If you scroll down to the comments on Cox’s observation, you get a real feel for that entrenched, commonsense assumption, or better yet highly emotional demand that of course souls, ghosts, mind, and consciousness all exist separate from the brain and physical matter without question!

To paraphrase and summarize the collective consternation of many of the commenters:
“Why cant those damn stubborn scientists just accept the pronouncements of the ancient mystics and New Age gurus along with all the priests, popes, imams, and monks who ever lived, and my Aunt Jane, that of course our conscious mind survives the death of the brain: that’s our immortal soul, you dummies. Everybody knows that!”
(Which sometimes scare the shit out of us when they decide to appear to us in ephemeral ghostly form).

Folks have a hard time hearing, that despite 3,000 years of wishful thinking and proclamations from the the world’s religions, after over 150 years of neuroscience and modern physics, there is absolutely no evidence whatsoever for souls, ghosts, or minds separate from brains (or unicorns, or fairies for that matter). Mind is what brain does and there is no separate ghostly spirit energy; no soul.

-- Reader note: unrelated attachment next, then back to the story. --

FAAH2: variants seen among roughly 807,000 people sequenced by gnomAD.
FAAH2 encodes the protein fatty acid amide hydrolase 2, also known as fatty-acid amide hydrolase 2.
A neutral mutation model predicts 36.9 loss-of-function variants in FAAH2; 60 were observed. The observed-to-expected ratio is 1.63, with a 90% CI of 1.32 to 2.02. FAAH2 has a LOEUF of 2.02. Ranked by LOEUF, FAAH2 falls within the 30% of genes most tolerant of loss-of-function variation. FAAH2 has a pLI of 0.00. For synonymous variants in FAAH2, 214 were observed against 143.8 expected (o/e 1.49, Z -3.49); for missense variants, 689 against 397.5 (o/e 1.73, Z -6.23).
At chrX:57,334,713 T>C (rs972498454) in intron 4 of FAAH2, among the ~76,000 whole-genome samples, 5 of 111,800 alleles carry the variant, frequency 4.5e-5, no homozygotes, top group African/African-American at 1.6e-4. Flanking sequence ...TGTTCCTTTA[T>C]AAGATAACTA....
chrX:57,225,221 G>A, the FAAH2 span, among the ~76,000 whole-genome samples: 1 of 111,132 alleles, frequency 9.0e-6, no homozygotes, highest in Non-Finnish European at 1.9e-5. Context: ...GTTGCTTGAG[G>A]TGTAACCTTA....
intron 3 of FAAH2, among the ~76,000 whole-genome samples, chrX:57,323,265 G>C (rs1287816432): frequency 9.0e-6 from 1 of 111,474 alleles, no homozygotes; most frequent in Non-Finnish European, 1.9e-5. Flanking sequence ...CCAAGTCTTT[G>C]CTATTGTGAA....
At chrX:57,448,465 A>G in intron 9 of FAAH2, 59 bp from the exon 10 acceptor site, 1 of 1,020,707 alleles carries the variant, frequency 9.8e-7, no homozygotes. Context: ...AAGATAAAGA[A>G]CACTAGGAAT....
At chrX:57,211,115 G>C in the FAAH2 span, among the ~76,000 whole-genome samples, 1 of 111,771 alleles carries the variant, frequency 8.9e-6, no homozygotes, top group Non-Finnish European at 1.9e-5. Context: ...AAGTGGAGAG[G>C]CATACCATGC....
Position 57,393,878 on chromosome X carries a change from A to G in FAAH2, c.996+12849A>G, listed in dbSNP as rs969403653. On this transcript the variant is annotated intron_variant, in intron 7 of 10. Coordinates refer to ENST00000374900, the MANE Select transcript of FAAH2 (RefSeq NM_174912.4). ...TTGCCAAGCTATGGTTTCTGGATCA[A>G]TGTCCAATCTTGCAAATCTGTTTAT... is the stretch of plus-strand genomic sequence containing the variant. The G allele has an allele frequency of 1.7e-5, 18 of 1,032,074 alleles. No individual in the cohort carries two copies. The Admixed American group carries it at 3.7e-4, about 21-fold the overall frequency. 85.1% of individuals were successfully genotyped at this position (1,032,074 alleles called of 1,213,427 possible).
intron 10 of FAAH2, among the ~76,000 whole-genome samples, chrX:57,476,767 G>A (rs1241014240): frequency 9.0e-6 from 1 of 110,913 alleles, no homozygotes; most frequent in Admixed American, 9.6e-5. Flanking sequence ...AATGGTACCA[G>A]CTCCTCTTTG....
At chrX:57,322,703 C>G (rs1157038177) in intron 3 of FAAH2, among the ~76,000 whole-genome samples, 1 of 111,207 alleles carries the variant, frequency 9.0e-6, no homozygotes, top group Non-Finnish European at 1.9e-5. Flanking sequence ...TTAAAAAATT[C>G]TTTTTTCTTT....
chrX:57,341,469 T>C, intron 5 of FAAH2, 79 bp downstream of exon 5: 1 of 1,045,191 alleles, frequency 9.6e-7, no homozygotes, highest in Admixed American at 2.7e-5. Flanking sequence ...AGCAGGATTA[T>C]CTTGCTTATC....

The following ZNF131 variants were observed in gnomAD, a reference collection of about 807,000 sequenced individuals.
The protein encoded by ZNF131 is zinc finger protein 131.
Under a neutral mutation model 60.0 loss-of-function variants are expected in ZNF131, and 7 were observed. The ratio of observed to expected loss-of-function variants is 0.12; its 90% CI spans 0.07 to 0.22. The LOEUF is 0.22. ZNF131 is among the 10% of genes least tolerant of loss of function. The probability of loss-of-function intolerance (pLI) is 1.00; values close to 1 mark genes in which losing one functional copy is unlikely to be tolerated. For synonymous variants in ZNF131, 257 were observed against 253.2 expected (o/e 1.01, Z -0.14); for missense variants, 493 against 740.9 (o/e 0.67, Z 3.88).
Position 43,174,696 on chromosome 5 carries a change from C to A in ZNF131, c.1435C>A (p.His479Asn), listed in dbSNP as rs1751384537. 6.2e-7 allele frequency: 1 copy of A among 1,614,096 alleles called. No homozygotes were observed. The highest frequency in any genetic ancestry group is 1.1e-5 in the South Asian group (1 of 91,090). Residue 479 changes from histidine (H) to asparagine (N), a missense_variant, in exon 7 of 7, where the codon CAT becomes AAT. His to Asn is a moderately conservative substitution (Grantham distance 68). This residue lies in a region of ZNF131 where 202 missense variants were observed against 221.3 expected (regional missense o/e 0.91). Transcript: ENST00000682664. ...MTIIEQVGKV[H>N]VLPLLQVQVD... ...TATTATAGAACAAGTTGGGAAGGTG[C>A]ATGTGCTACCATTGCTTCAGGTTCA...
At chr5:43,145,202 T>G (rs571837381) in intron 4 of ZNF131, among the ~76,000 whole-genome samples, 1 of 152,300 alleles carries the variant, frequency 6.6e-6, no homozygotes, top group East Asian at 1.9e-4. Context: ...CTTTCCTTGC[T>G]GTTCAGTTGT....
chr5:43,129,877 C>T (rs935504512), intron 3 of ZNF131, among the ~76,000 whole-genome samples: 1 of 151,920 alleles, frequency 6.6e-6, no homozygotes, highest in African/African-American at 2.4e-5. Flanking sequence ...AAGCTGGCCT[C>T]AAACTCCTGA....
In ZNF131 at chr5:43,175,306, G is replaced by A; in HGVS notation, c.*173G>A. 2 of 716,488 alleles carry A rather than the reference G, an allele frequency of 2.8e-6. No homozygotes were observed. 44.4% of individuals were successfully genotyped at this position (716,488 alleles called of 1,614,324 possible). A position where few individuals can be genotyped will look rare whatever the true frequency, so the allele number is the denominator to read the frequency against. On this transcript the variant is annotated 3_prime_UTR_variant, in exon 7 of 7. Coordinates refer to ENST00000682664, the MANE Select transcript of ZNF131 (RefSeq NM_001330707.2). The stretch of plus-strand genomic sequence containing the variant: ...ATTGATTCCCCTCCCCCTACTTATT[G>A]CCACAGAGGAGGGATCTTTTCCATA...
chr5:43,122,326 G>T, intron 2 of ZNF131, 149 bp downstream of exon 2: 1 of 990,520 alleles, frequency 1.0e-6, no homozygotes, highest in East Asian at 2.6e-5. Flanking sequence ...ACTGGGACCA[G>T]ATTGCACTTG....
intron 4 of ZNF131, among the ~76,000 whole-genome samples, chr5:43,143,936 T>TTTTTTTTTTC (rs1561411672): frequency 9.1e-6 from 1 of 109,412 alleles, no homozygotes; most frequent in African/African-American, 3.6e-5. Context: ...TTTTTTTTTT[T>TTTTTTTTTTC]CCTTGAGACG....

Physics has shown there is no such blob of energy to be found, neither in every other kind of physics experiment ever conducted, nor in the data from the operation of the LHC, as Cox succinctly explained.

Another physicist and science educator, Sean Carroll, provides a detailed exposition of the null results about claims for a soul/ghosts from modern physics HERE.

In addition, for just one small, but damning, and enlightening piece of evidence from modern neuroscience, regarding the undeniable connection of our conscious experience, our self, to the workings of our neurons, watch V.S Ramachandran, in the 2012 Gifford Lectures in Glasgow, Scotland describe the rubber hand and table delusion, (at the 59 minute mark of the lecture). The mind, the “soul,” our conscious experience, is inextricably bound to the body and brain whether we like it or not.